In some cases, bad evidence can be attributed to pure negligence on the part of a coroner or a lab worker. There have been cases of drug lab workers who stole the drugs sent for testing and then gave false positives, reporting (and billing for) drug tests which were never performed.
Dr. Leroy Riddick, former Mississippi State medical examiner, sent Tasha Mercedes Shelby to prison with his judgment that the death of her 2-year-old stepson in 1997 was not accidental but was in fact murder. Shelby is one of the 3,000 or more people who have been charged with murder or abuse based on diagnosis of “shaken baby syndrome” since 2015. After spending 18 years in prison, Shelby has been exonerated — at least in the opinion of Dr. Riddick who issued a public apology acknowledging his mistake after new science cast serious doubt on the existence of the condition.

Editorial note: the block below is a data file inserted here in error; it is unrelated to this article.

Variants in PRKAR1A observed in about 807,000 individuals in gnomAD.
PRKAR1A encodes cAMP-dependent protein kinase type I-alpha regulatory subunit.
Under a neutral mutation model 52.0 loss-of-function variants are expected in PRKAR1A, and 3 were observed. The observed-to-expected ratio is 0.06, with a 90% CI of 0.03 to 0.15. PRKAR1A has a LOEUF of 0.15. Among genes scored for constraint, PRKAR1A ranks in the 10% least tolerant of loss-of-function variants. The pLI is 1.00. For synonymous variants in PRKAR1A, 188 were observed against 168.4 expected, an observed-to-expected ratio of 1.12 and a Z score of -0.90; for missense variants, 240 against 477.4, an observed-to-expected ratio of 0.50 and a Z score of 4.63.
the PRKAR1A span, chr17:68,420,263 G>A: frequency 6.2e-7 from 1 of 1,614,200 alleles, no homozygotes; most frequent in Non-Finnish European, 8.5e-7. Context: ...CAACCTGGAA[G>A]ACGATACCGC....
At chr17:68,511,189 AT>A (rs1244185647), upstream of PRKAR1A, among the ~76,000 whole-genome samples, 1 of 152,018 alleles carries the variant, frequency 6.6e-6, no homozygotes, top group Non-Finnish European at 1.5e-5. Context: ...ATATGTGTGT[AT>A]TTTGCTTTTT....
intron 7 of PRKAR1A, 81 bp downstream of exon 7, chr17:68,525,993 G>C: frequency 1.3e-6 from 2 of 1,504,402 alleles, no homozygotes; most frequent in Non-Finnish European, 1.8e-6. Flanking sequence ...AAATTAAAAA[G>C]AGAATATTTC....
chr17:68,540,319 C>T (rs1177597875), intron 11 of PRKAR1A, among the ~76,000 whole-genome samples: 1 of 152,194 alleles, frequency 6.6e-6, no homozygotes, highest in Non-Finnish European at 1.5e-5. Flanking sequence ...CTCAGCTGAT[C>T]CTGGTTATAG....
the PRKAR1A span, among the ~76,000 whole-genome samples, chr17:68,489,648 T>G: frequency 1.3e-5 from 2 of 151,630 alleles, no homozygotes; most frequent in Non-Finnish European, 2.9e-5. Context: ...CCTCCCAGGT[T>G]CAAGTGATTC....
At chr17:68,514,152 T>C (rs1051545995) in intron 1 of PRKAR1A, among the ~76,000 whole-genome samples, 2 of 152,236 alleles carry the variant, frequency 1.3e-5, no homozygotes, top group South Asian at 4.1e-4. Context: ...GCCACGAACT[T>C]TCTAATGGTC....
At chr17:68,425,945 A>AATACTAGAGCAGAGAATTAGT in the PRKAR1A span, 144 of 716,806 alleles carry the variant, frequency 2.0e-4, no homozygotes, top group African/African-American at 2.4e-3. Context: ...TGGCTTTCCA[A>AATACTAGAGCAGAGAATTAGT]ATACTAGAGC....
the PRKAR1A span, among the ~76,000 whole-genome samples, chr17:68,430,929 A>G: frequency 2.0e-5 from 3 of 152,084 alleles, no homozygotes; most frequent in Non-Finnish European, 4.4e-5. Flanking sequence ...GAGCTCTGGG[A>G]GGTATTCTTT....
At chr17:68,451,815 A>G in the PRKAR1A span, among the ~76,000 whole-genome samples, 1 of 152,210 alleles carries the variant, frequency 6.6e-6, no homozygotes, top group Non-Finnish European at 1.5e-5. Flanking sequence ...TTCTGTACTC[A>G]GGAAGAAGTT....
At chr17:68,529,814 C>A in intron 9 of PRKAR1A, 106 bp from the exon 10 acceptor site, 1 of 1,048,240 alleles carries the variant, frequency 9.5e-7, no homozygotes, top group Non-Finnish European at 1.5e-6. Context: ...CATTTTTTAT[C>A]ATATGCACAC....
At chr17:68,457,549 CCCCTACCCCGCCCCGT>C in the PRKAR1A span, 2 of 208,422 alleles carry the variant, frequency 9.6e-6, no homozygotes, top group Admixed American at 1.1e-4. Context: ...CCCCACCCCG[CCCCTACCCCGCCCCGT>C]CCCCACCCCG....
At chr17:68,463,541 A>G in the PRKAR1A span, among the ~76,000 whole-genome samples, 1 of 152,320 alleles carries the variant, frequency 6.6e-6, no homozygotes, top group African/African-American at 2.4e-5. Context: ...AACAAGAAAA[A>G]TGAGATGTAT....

This change in scientific consensus was enough to prompt a superior court judge in New Jersey to bar prosecutors from introducing the shaken baby syndrome diagnosis as evidence, calling it “an assumption packaged as a medical diagnosis.” Yet these developments were not enough to sway Mississippi Attorney General Lynn Finch, who opposed Shelby’s appeal, or Circuit Court judge Roger Clark who denied it.
In other cases, a law enforcement officer, death examiner, or prosecutor (or all of them together) give evidence which they know full well to be false. More than once, an innocent person has been sentenced to death in this fashion. Prosecutors’ willingness to pursue the conviction of a person they know beyond a doubt to be innocent is well-established.